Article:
Happy new year!
I don’t know about you, but I feel like I spent a lot of time at the movie theater over the holidays. So many interesting, quirky, or intriguing films came out. I’m no film critic, but as a writer, I pay attention to things like character-building, story arcs, suspense, conclusiveness, and screenwriting. So here’s what I thought of the 5 movies I saw in theaters over the holidays, from a writer’s perspective. Feel free to add your opinions in the comments!
WARNING: SPOILER ALERT!
Big Hero 6
I LOVED this movie. Not just liked. LOVED. I already tend to like animated movies, but I know they’re sometimes used an excuse for fluffy endings and one-dimensional characters. Not so with Big Hero 6. This film tackled major issues: grief, adolescence, math/science/engineering, women in the sciences, etc. etc., all without sacrificing fun, humor, storytelling, amazing animation, and some really great lines. This movie proved to me that Disney has assimilated Pixar and is better for it.
The Hobbit: The Battle of the Five Armies
This movie…was the third in a trilogy…that wasn’t supposed to be a trilogy. Okay, so I’m a book person. And Tolkien is one of my literary idols. But I think, even if I hadn’t read The Hobbit, this movie would have felt like a long sequence of impressive but disconnected CG fights. And a moose.
But hey, at least I got some good laughs out of it, right? Even if they weren’t at the parts that were supposed to be funny?
Angelina Jolie’s adaptation of the award-winning book was impressive. Louis Zamperini was a truly amazing person–I had the opportunity to hear him speak when I was fourteen, and his humility, faith, and sense of humor in spite of all his suffering made a lasting impression on me. This movie communicated Zamperini’s hardships and resilience in gritty, heavily charged storytelling that kept me riveted the whole time. The disappointment to me was that I didn’t feel there was enough beginning or ending to this story–it left the excellent middle feeling a bit out of context.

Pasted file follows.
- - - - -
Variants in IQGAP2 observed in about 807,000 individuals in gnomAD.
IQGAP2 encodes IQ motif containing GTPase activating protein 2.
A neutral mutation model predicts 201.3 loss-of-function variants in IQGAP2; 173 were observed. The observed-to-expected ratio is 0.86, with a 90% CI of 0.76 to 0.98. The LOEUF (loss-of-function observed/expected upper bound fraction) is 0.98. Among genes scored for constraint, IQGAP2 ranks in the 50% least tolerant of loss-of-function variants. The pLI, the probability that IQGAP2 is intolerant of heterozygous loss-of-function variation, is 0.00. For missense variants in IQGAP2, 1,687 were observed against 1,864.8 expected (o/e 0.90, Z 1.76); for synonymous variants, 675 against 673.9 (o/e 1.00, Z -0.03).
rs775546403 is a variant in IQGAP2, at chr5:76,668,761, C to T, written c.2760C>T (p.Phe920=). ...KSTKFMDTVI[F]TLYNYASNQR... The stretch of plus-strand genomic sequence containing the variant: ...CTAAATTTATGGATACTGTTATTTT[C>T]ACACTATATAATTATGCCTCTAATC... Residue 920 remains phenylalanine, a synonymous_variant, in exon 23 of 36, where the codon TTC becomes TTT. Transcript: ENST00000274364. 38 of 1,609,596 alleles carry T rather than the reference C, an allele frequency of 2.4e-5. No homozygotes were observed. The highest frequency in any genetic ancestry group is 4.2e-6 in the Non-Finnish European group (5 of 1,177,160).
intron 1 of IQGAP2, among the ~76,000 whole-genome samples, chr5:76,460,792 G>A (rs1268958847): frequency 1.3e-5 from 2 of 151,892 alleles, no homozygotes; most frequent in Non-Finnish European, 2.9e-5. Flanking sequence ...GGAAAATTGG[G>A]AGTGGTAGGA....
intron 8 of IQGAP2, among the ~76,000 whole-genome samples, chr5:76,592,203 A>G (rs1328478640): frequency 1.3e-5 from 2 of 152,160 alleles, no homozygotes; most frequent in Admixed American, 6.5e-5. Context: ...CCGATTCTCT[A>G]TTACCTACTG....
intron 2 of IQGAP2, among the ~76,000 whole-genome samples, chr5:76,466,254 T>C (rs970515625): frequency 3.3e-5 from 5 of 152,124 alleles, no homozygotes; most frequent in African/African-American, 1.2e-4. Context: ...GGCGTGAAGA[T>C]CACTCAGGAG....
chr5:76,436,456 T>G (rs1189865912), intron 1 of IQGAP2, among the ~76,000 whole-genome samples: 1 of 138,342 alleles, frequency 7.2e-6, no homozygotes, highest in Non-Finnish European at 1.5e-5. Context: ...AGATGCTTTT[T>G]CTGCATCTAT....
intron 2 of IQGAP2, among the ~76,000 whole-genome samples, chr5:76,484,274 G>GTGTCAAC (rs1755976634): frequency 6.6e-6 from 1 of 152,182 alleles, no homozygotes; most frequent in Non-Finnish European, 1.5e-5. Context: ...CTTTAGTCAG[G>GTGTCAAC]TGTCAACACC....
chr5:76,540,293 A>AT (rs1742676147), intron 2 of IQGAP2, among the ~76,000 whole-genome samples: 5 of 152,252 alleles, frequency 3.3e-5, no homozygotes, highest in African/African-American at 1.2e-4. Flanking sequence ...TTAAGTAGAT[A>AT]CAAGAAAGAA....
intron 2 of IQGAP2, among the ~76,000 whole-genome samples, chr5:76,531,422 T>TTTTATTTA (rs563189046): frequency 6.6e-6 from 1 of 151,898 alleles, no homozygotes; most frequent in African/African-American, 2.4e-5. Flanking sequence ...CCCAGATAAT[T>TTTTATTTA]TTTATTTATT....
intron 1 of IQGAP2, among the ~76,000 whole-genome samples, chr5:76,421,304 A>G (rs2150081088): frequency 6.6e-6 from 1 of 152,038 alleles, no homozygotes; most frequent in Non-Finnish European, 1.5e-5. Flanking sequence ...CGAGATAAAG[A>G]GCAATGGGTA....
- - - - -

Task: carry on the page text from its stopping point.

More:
The Theory of Everything
The trailer for this movie was so unusual that I had to go see it. The cinematography was beautiful, and it made me very nostalgic for Cambridge 🙂 The acting was also superb–Eddie Redmayne plays Stephen Hawking as his body wastes away with Lou Gehrig’s disease. Felicity Jones plays his wife and caregiver, Jane Hawking. The sequences of caregiving were exquisitely portrayed, in all their pain and grit. Still, I have to say I was disappointed in the movie’s message. It seemed to celebrate only the resilience of Hawking’s indomitable spirit, when I saw the real heroine as his strong and courageous wife.
Into the Woods
This is the movie I didn’t expect to like. I love stage musicals, but after seeing Les Miserables translated to the movie screen, my expectations for Into the Woods were low. Happily, they were exceeded. Not only could everyone in the film both act and sing (!) but I’m a big fan of fairy tales, especially when they’re interwoven with each other. Though the ending was sad, I liked the way the story extended past the traditional “happily ever after.” What happened after Cinderella married her prince? What about after Jack’s beanstalk fell? I thought the movie used those questions as a great opportunity to probe the limitations of fairy tales and simplistic happy endings–all without losing hope in the power of storytelling.
Did you see any of these movies over the holidays? Share your opinions in the comments!